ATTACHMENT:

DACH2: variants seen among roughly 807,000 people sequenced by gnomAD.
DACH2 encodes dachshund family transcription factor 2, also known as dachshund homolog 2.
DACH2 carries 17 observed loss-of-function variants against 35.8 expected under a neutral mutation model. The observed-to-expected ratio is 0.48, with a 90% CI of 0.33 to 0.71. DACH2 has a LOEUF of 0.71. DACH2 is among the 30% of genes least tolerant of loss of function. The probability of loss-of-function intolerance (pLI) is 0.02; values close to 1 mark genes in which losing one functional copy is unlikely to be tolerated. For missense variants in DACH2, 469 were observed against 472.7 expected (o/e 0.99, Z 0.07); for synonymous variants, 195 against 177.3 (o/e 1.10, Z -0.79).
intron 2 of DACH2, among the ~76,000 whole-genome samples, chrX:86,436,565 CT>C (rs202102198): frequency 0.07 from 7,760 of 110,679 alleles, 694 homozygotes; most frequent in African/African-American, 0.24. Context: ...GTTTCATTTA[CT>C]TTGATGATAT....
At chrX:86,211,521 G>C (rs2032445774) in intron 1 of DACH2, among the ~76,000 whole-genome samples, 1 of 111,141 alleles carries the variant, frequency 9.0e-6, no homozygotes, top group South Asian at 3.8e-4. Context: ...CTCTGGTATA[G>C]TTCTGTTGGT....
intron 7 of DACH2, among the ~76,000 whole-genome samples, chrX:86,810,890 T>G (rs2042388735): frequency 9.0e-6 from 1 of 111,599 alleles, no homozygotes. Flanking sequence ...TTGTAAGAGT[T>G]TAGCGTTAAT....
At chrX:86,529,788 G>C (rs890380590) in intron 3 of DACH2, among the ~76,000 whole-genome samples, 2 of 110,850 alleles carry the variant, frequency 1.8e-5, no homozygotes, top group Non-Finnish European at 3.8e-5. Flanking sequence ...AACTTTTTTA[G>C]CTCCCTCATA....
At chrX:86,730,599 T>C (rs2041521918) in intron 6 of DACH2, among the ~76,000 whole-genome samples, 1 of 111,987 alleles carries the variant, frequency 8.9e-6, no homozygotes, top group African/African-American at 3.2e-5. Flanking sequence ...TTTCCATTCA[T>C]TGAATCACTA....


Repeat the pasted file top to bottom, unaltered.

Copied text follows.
DACH2: variants seen among roughly 807,000 people sequenced by gnomAD.
DACH2 encodes dachshund family transcription factor 2, also known as dachshund homolog 2.
DACH2 carries 17 observed loss-of-function variants against 35.8 expected under a neutral mutation model. The observed-to-expected ratio is 0.48, with a 90% CI of 0.33 to 0.71. DACH2 has a LOEUF of 0.71. DACH2 is among the 30% of genes least tolerant of loss of function. The probability of loss-of-function intolerance (pLI) is 0.02; values close to 1 mark genes in which losing one functional copy is unlikely to be tolerated. For missense variants in DACH2, 469 were observed against 472.7 expected (o/e 0.99, Z 0.07); for synonymous variants, 195 against 177.3 (o/e 1.10, Z -0.79).
intron 2 of DACH2, among the ~76,000 whole-genome samples, chrX:86,436,565 CT>C (rs202102198): frequency 0.07 from 7,760 of 110,679 alleles, 694 homozygotes; most frequent in African/African-American, 0.24. Context: ...GTTTCATTTA[CT>C]TTGATGATAT....
At chrX:86,211,521 G>C (rs2032445774) in intron 1 of DACH2, among the ~76,000 whole-genome samples, 1 of 111,141 alleles carries the variant, frequency 9.0e-6, no homozygotes, top group South Asian at 3.8e-4. Context: ...CTCTGGTATA[G>C]TTCTGTTGGT....
intron 7 of DACH2, among the ~76,000 whole-genome samples, chrX:86,810,890 T>G (rs2042388735): frequency 9.0e-6 from 1 of 111,599 alleles, no homozygotes. Flanking sequence ...TTGTAAGAGT[T>G]TAGCGTTAAT....
At chrX:86,529,788 G>C (rs890380590) in intron 3 of DACH2, among the ~76,000 whole-genome samples, 2 of 110,850 alleles carry the variant, frequency 1.8e-5, no homozygotes, top group Non-Finnish European at 3.8e-5. Flanking sequence ...AACTTTTTTA[G>C]CTCCCTCATA....
At chrX:86,730,599 T>C (rs2041521918) in intron 6 of DACH2, among the ~76,000 whole-genome samples, 1 of 111,987 alleles carries the variant, frequency 8.9e-6, no homozygotes, top group African/African-American at 3.2e-5. Flanking sequence ...TTTCCATTCA[T>C]TGAATCACTA....